The captain adjusted his visor to block the glare of the sun. Tam, his right hand man, stood on his left, surveying the sea. Topper, his left hand man, stood on his right, surveying their boat.
It was a strange boat. Actually, it wasn’t a boat. It was a hard hat, like those found at a construction site, except much larger. The insides of the hat were surprisingly comfortable, since there were soft cushions lining the inside.
“Cap’n!” Tam cried, pointing at the edge of the sea. A strange, black wall rose above the crashing waves far far off in the distance.
“By golly, it’s the brim of a top hat,” the captain said. Indeed, the three men were stuck in a giant, upside-down top hat filled to the brim with sea water. “Get rowing boys! We’ll soon be home!”
Tam and Topper pulled off their baseball caps and started rowing with them. Baseball caps didn’t make for very good oars, and progress was painfully slow. Waves rolled against the large, yellow helmet as the crew struggled for escape.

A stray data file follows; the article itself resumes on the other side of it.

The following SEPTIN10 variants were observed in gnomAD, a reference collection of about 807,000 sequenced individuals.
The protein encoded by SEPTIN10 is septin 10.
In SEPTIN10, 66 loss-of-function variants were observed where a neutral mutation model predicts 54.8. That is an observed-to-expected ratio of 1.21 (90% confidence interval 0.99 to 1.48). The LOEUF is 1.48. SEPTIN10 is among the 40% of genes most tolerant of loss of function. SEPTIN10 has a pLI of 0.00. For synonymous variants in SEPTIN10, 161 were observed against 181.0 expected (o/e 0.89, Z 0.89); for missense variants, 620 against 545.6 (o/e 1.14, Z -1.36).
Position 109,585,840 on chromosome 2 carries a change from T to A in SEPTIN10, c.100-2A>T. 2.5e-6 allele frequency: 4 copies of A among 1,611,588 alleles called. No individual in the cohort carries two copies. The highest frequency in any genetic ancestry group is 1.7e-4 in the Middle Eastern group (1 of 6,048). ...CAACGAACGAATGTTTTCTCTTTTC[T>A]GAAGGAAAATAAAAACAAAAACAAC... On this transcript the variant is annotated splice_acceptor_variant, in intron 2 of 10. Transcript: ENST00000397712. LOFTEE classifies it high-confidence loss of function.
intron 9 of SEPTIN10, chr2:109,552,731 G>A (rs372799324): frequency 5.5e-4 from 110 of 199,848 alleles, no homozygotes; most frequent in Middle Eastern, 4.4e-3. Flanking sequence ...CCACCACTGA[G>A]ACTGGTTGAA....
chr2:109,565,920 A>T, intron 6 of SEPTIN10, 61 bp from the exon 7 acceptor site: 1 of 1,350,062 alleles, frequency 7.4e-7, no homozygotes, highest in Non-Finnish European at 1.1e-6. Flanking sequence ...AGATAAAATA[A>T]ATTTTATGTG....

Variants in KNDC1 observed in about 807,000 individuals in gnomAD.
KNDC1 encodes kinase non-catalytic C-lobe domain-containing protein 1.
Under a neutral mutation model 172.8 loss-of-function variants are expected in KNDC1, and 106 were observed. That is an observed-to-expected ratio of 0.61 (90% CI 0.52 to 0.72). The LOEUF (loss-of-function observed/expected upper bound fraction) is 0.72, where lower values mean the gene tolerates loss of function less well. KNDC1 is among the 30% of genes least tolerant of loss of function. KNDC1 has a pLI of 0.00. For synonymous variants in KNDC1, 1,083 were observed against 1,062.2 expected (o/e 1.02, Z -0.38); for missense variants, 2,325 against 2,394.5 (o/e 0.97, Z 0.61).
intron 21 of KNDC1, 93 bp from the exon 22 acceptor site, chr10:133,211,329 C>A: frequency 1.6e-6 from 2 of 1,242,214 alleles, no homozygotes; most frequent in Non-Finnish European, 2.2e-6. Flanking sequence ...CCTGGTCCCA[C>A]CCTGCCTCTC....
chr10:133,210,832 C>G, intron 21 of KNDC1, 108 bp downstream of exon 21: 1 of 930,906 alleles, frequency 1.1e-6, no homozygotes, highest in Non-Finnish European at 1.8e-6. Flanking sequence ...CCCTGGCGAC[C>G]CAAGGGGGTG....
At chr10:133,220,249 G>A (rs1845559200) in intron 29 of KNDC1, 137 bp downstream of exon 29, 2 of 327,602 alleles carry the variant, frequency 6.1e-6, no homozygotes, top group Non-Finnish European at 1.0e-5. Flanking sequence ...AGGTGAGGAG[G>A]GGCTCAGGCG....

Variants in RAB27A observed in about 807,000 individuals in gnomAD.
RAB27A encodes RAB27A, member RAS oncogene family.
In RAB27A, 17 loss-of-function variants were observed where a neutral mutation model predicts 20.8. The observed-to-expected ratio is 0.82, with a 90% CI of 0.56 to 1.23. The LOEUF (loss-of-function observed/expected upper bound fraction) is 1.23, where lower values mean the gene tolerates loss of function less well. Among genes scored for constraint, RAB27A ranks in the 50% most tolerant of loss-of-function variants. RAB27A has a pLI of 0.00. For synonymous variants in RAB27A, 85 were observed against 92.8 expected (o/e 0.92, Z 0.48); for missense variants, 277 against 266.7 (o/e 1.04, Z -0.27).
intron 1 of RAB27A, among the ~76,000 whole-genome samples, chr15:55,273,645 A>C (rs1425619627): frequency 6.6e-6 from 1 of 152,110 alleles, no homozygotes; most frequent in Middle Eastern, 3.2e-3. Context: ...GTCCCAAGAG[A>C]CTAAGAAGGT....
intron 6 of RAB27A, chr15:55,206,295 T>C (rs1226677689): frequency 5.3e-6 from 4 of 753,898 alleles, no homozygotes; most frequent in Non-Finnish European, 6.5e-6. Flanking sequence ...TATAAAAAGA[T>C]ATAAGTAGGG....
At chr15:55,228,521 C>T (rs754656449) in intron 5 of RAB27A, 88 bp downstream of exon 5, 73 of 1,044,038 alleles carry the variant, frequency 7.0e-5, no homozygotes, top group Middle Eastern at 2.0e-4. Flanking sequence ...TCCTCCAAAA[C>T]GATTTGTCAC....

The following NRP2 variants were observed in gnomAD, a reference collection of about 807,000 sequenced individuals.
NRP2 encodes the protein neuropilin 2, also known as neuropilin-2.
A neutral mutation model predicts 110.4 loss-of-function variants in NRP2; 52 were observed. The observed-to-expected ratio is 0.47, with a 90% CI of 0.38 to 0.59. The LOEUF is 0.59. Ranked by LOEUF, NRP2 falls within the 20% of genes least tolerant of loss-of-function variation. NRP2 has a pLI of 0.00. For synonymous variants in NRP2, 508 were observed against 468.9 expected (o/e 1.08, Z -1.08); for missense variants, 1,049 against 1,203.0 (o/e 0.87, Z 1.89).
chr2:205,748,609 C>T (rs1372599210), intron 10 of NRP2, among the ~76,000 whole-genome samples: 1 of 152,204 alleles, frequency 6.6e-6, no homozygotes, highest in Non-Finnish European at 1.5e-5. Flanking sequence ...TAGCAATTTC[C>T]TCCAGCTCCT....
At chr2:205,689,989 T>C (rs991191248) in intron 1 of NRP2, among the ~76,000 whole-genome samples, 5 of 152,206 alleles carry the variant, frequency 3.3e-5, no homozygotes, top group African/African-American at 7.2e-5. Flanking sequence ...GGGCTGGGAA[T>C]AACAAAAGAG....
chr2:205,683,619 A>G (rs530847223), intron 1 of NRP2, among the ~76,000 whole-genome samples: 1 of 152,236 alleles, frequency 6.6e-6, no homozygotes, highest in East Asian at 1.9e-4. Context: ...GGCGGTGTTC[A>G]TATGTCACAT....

The sun scorched down on the men. Tam complained, “Ugh I wish I had one of those safari hats to shield me from the sun.”
“I wish I never see another hat again,” Topper replied.
Suddenly, from the depths of the sea, a hat-shark! It was the last hat they ever saw.
The shark ate them.
Good end (if you collected all of the hidden puzzle pieces):
Hats ceased to exist everywhere. The baseball caps returned to their original form of rowing oars, and the helmet changed back into a sailboat. The giant top hat transformed into land. It was although hats never existed. No one knew what a hat was.
Epilogue setup for a sequel:
Somewhere, sailors in a giant tofu box try to escape with oars made of tofu, in a tofu sea.